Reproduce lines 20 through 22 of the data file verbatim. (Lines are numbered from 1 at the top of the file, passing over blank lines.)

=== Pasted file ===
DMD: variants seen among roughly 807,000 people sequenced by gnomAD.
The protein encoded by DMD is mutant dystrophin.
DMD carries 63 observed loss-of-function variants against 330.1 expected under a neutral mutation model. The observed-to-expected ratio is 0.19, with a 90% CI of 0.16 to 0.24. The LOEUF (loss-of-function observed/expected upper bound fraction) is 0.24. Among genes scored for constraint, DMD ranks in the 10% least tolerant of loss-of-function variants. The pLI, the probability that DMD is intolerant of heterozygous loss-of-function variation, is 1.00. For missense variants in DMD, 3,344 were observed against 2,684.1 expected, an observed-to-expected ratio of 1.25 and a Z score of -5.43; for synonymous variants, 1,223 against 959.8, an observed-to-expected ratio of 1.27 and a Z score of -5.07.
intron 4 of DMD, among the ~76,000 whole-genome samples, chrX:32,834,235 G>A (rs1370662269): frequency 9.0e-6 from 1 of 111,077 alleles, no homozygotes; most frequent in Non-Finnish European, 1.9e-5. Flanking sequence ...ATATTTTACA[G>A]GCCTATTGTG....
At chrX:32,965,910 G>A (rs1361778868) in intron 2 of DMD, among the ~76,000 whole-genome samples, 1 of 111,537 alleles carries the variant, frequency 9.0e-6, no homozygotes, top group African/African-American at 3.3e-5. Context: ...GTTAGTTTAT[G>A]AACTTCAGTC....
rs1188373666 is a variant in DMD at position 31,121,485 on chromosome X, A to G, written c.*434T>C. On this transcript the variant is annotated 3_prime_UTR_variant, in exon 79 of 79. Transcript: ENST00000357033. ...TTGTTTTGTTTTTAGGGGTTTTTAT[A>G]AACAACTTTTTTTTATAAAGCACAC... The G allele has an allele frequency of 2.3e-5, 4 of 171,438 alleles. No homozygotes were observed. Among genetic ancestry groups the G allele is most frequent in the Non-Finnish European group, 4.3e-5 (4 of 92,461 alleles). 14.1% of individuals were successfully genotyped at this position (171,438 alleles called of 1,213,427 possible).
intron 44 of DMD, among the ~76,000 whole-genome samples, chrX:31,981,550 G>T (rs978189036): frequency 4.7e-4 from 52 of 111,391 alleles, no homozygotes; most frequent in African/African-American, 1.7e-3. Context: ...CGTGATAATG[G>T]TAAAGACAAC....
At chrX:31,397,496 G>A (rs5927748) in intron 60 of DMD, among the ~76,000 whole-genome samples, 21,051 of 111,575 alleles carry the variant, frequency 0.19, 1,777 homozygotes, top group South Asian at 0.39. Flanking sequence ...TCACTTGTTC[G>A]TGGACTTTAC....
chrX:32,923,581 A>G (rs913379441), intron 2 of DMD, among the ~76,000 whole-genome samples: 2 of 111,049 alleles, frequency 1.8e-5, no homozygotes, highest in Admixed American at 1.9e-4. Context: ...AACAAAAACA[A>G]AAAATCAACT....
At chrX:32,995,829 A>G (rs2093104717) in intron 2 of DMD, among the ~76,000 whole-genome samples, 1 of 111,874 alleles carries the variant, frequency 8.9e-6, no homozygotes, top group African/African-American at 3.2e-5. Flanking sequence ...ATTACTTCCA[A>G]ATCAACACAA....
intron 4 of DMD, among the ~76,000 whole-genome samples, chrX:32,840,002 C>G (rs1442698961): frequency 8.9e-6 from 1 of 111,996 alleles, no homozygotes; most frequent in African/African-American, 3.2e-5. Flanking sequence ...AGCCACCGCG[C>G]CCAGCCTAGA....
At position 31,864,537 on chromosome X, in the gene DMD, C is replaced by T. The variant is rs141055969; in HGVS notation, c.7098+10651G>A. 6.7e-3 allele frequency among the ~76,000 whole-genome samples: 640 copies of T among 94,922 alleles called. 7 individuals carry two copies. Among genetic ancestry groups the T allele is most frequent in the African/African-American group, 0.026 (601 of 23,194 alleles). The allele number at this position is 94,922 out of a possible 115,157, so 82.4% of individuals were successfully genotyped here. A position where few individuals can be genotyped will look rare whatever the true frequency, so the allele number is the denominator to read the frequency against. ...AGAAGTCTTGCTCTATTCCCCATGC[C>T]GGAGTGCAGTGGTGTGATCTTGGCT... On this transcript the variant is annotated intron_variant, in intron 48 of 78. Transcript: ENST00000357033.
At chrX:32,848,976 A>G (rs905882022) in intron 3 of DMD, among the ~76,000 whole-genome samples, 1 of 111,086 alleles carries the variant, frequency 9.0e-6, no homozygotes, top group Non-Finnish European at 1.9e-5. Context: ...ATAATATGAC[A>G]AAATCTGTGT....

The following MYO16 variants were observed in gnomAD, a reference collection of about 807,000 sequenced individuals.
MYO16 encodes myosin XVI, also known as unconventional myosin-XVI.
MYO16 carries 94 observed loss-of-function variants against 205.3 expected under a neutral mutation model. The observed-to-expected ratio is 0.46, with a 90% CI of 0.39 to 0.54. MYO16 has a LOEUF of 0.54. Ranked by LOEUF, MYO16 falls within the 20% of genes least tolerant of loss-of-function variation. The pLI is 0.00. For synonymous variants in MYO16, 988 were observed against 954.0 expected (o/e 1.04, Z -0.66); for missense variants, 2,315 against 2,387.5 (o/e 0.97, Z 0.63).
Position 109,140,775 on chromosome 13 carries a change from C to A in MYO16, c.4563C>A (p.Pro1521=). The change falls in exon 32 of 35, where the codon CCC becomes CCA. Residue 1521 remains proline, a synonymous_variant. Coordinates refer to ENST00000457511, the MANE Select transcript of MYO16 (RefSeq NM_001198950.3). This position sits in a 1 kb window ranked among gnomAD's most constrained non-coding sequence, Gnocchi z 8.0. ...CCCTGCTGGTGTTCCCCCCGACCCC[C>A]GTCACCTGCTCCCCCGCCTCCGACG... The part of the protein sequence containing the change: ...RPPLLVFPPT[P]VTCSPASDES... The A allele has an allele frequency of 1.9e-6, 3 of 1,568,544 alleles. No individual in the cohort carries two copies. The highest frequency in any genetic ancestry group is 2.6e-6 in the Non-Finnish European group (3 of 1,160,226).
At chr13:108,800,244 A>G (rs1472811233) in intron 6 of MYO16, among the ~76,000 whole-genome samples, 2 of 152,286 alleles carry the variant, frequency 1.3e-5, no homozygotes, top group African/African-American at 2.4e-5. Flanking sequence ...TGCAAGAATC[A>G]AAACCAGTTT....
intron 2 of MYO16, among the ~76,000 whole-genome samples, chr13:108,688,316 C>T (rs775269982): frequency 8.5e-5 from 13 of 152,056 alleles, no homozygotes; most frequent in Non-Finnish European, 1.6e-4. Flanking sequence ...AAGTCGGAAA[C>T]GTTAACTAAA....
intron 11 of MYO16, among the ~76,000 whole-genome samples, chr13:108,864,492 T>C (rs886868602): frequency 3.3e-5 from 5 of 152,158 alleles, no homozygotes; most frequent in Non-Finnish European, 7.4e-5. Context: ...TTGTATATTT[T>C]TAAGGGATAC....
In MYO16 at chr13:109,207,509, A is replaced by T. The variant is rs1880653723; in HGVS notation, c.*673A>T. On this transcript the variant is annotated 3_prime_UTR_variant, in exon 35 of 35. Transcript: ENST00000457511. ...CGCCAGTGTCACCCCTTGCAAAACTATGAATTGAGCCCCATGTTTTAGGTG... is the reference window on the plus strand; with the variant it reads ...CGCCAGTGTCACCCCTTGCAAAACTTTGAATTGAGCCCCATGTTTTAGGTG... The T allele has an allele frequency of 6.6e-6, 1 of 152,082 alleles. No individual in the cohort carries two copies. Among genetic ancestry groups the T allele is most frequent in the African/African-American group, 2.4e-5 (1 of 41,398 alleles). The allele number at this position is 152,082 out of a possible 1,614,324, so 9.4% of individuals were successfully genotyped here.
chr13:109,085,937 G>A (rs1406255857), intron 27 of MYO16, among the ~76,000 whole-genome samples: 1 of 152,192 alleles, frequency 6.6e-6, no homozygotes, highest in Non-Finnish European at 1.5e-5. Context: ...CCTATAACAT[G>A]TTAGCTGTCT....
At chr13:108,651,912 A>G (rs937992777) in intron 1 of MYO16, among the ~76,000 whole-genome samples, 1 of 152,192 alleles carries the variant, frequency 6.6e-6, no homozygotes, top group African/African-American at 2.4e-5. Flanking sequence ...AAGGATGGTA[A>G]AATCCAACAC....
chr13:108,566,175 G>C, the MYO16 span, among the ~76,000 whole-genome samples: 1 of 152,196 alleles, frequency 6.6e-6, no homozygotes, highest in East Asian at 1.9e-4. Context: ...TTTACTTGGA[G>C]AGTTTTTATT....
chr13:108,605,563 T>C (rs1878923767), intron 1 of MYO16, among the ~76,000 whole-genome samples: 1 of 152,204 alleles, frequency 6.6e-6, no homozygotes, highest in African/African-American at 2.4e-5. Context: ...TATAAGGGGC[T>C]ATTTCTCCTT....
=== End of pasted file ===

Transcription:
intron 11 of MYO16, among the ~76,000 whole-genome samples, chr13:108,864,492 T>C (rs886868602): frequency 3.3e-5 from 5 of 152,158 alleles, no homozygotes; most frequent in Non-Finnish European, 7.4e-5. Context: ...TTGTATATTT[T>C]TAAGGGATAC....
In MYO16 at chr13:109,207,509, A is replaced by T. The variant is rs1880653723; in HGVS notation, c.*673A>T. On this transcript the variant is annotated 3_prime_UTR_variant, in exon 35 of 35. Transcript: ENST00000457511. ...CGCCAGTGTCACCCCTTGCAAAACTATGAATTGAGCCCCATGTTTTAGGTG... is the reference window on the plus strand; with the variant it reads ...CGCCAGTGTCACCCCTTGCAAAACTTTGAATTGAGCCCCATGTTTTAGGTG... The T allele has an allele frequency of 6.6e-6, 1 of 152,082 alleles. No individual in the cohort carries two copies. Among genetic ancestry groups the T allele is most frequent in the African/African-American group, 2.4e-5 (1 of 41,398 alleles). The allele number at this position is 152,082 out of a possible 1,614,324, so 9.4% of individuals were successfully genotyped here.
chr13:109,085,937 G>A (rs1406255857), intron 27 of MYO16, among the ~76,000 whole-genome samples: 1 of 152,192 alleles, frequency 6.6e-6, no homozygotes, highest in Non-Finnish European at 1.5e-5. Context: ...CCTATAACAT[G>A]TTAGCTGTCT....